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Health apps could be a killer

Thursday, February 9, 2017 By Read Time: 2 min.

Nearly half of NHS trusts scan internal apps for security-related defects only once a year, and huge number of Trusts have been compromised by ransomware, according to FOI requests

A series of Freedom of Information requests have revealed serious issues with NHS IT security. One particularly damning set of research found that an enormous 45 per cent of NHS trusts scan internal apps for security-related defects only once a year, and less than 8 per cent doing so on a daily basis, NHS trusts are potentially left with outdated software, which could put patient data at risk due to an increased likelihood of successful criminal attack.

Health apps could be a killer

In addition, the responses revealed that half of health trusts scan web perimeter apps only once a year, which leaves patient data at serious risk from legacy websites and third-party plugins. The findings were drawn from 27 responses to FoI requests sent to 36 NHS trusts on behalf of Veracode.

On a brighter note, 12 per cent of trusts do scan web application perimeters daily, demonstrating that at least in some quarters, application security awareness is on the rise. Of course, simply relying on automated scanning tools is not enough to secure any enterprise, even less so for something as complex and significant as an NHS Trust. Fully-automated scanning tools often create so many false-positives that the data is widely ignored, or have to be configured so loosely as to render the results useless. Of course, it’s possible that NHS IT teams are aware of this problem, and due increasingly tight NHS budgets are choosing not to scan at all, rather than whitewash the problem.

High-Tech Bridge’s award-winning web security testing platform ImmuniWeb combines proprietary machine learning technology and automated vulnerability scanning and detection, thus detecting at least twice as many vulnerabilities than any automated solution would, including the most sophisticated ones that usually require human intelligence.

Application security research published in late 2016 found that more than 90 per cent of in-house developed web applications designed to handle medical, financial or other sensitive data were vulnerable to high-risk improper access control or other application logic flaw not related to the sanitization of user-supplied input (like in XSS or SQL injections for example).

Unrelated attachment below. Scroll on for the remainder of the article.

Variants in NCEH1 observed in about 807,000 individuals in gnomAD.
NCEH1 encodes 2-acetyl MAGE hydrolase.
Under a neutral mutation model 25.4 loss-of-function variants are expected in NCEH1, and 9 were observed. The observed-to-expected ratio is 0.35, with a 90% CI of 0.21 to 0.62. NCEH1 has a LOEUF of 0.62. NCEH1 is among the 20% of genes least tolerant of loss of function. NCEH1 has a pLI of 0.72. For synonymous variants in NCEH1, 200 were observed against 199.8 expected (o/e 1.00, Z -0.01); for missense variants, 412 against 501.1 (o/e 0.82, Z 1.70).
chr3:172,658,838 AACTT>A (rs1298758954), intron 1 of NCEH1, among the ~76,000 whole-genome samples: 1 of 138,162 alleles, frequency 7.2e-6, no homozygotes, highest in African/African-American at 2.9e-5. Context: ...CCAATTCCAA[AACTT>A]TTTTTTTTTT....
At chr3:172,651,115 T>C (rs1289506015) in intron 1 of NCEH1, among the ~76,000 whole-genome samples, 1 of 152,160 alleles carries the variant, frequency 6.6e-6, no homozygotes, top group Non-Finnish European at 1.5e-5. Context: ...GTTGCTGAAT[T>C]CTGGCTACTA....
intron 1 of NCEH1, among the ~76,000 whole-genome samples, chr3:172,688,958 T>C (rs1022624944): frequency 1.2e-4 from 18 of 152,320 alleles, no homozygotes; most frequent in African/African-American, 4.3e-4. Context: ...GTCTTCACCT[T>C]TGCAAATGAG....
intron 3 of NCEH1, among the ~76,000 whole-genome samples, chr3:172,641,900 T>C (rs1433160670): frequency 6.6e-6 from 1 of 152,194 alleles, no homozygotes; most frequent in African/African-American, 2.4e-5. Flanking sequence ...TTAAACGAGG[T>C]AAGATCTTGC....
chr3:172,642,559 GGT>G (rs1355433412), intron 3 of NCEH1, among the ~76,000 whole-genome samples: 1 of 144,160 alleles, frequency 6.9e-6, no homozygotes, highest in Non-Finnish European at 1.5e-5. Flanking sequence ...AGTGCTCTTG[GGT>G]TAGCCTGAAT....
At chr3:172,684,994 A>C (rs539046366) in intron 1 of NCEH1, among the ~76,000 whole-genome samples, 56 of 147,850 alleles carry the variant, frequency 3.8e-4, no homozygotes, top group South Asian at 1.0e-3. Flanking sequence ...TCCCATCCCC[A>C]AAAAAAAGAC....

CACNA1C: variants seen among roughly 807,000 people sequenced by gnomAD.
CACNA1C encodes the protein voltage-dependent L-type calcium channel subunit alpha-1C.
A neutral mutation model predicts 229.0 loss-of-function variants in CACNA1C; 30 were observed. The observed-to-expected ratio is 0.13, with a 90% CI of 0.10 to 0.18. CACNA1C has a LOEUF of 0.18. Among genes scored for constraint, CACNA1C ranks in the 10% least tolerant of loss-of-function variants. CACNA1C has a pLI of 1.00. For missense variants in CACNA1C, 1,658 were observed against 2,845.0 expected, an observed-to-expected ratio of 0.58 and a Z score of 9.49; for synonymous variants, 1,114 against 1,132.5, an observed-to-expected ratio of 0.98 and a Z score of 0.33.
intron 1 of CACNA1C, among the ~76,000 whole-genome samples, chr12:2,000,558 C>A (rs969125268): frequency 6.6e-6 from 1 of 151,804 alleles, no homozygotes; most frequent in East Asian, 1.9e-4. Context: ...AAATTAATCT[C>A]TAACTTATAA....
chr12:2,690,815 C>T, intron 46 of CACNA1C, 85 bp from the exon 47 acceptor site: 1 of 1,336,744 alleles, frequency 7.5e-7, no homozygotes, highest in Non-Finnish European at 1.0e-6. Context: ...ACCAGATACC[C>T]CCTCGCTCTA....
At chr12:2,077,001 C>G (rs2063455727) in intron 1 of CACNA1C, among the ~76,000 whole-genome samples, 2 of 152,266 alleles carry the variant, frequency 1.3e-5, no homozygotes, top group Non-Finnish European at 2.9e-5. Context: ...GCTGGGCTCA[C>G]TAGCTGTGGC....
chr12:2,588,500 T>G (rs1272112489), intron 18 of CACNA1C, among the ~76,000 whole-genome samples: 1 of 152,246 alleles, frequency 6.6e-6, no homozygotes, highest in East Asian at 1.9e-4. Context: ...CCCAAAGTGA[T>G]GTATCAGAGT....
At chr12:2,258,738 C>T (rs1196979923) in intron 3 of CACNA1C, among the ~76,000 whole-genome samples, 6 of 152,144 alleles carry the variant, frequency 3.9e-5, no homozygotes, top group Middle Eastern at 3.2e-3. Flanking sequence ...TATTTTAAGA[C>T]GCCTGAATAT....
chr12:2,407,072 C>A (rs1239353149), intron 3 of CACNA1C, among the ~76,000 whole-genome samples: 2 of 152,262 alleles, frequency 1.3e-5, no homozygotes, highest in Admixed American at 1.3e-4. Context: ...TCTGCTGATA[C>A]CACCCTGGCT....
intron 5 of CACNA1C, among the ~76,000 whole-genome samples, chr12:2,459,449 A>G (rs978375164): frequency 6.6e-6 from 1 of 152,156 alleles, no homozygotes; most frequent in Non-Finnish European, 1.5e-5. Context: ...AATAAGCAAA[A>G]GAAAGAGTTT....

The Veracode research claimed that out of 300,000 assessments performed in the last 18 months, 67 per cent of healthcare applications failed OWASP policy compliance.

Health apps could be a killer

Coincidentally, another FOI-based report on the NHS has been released by a different company, this time into ransomware. Perhaps unsurprisingly given the recent volumes of ransomware being pumped into the ether, 34 per cent of NHS trusts in the UK have suffered a ransomware attack in the last 18 months. In total, 87 out of 260 trusts admitted suffering ransomware attacks, with 60 per cent of Scottish NHS trusts making it the most frequently targeted region.

Ilia Kolochenko, CEO High-Tech Bridge, said: “Ransomware attacks are relatively new, however are growing much faster than any other sector cybercrime. The success is explained by their technical simplicity to conduct and attackers' certainty to get paid by most of the victims, who often have no other choice that would be economically reasonable.

Propagation of IoT and smart devices into our everyday lives will definitely increase the risks, frequency and the consequences of the ransomware attacks. I wouldn't be surprised if in the next few years cybercriminals will lock operational rooms in hospitals or unlock doors in state prisons.

Unfortunately, our law enforcement agencies don't have enough experience, technical skills and most importantly - resources to fight cybercrime. If they don't get them today - in the next few years our society will lose confidence in a justice system that is unable to prosecute and prevent cybercrime."

The NHS was one of the worst performing sectors in terms of data breaches, contributing to 64 percent of the total figure reported to the ICO in the period April 2015-March 2016. Based on these findings, that performance seems unlikely to improve in 2017...

Mark Mayne has covered the security industry for more than 15 years, editing news for SC Magazine and editing SecurityVibes UK. Mark has a background in national news journalism and tech reporting, and has run b2b and b2c editorial sites.

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